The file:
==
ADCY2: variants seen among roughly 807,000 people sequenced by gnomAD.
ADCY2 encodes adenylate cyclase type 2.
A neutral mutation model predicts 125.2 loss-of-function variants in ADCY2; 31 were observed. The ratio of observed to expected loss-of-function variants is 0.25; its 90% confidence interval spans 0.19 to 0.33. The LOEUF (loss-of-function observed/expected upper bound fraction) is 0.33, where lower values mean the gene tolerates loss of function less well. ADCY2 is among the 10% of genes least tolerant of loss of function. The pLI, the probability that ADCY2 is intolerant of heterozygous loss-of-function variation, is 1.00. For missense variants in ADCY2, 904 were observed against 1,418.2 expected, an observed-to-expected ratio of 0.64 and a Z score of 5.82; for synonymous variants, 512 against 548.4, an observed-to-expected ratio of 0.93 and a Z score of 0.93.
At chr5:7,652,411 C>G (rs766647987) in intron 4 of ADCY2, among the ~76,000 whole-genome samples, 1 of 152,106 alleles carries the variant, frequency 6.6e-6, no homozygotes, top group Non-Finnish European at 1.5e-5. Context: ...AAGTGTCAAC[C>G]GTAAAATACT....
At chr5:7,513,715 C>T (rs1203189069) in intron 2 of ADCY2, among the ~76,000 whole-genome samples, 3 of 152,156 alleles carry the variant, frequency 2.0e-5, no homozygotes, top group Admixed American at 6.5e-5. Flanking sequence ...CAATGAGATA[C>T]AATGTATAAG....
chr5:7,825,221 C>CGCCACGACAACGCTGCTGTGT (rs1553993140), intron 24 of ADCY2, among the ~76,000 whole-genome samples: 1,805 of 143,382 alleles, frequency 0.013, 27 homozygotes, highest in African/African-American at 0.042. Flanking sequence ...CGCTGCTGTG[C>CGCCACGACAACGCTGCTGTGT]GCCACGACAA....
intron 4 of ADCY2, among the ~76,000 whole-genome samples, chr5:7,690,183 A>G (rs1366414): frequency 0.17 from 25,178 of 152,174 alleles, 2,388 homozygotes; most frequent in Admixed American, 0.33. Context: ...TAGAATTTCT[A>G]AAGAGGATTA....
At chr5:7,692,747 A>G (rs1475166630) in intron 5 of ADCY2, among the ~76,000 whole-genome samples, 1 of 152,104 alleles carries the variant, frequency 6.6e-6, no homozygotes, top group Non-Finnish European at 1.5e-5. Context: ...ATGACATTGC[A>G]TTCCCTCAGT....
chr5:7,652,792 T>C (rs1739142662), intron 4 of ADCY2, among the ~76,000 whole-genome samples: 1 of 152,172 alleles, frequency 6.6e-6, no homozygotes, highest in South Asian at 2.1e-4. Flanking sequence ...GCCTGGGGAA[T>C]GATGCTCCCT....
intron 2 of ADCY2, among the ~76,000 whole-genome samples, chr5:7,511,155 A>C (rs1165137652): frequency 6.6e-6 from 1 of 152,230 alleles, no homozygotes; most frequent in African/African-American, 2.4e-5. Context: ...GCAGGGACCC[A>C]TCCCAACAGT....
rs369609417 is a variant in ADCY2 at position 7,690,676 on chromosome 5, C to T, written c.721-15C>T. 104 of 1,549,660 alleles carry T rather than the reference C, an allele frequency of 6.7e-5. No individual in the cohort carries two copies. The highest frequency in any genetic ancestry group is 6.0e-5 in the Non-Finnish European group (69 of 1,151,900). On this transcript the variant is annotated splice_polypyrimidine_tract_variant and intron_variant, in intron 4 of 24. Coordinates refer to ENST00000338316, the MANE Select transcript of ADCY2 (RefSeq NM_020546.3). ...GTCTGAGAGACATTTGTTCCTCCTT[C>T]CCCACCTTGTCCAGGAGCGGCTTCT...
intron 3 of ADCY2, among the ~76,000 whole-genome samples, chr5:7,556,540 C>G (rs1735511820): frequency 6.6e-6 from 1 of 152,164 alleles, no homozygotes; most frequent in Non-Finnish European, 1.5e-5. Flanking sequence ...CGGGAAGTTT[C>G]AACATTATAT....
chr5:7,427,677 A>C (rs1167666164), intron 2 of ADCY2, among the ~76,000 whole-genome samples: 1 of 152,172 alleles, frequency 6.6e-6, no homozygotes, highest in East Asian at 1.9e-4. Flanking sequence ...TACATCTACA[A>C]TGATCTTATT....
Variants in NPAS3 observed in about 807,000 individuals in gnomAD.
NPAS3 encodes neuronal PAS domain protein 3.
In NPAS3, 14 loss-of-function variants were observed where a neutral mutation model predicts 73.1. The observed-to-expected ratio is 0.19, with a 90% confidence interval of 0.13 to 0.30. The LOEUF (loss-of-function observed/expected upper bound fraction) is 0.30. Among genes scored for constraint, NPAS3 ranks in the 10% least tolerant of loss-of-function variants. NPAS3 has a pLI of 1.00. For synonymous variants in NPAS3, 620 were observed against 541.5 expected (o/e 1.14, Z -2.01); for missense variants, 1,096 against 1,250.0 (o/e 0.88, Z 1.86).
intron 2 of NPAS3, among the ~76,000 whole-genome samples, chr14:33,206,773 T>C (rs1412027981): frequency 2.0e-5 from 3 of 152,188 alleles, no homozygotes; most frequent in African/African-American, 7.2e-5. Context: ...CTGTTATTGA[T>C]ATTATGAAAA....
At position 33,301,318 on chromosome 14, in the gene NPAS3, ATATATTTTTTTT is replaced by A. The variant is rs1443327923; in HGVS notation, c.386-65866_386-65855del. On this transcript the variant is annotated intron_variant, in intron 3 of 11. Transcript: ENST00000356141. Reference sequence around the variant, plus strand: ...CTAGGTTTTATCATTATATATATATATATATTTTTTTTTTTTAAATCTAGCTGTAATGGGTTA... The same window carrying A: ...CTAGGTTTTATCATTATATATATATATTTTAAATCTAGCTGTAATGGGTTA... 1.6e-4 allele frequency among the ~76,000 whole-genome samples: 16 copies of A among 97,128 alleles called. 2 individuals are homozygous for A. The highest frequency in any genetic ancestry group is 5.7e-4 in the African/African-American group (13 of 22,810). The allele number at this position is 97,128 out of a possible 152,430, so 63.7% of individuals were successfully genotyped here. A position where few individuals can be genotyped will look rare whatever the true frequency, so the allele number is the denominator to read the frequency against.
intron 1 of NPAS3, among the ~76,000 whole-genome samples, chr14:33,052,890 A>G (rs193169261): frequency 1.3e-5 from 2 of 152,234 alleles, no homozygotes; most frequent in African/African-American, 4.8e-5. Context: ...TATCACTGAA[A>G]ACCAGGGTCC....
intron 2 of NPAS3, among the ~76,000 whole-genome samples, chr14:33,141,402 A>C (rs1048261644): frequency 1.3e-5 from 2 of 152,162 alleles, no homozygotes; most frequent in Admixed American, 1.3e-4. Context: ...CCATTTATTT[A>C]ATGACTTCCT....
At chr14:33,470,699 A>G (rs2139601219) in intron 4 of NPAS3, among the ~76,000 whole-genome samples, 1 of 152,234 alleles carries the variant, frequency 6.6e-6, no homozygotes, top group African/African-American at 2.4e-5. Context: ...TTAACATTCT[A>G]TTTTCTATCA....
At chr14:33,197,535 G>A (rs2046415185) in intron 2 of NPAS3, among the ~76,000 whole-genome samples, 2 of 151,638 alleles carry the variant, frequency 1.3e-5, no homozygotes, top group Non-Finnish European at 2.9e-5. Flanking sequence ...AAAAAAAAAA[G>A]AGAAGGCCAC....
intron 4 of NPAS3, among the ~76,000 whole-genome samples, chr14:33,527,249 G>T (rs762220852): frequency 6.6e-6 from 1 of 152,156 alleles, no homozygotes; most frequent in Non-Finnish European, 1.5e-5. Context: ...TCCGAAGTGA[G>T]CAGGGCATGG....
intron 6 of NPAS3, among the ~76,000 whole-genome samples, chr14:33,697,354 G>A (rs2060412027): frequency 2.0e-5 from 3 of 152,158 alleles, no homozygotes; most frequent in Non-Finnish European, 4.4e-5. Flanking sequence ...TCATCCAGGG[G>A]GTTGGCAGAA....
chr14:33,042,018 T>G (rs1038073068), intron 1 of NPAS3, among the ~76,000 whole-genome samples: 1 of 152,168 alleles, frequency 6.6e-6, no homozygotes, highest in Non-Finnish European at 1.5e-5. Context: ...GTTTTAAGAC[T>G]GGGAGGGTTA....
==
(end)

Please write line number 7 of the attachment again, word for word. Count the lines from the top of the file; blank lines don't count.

intron 4 of ADCY2, among the ~76,000 whole-genome samples, chr5:7,690,183 A>G (rs1366414): frequency 0.17 from 25,178 of 152,174 alleles, 2,388 homozygotes; most frequent in Admixed American, 0.33. Context: ...TAGAATTTCT[A>G]AAGAGGATTA....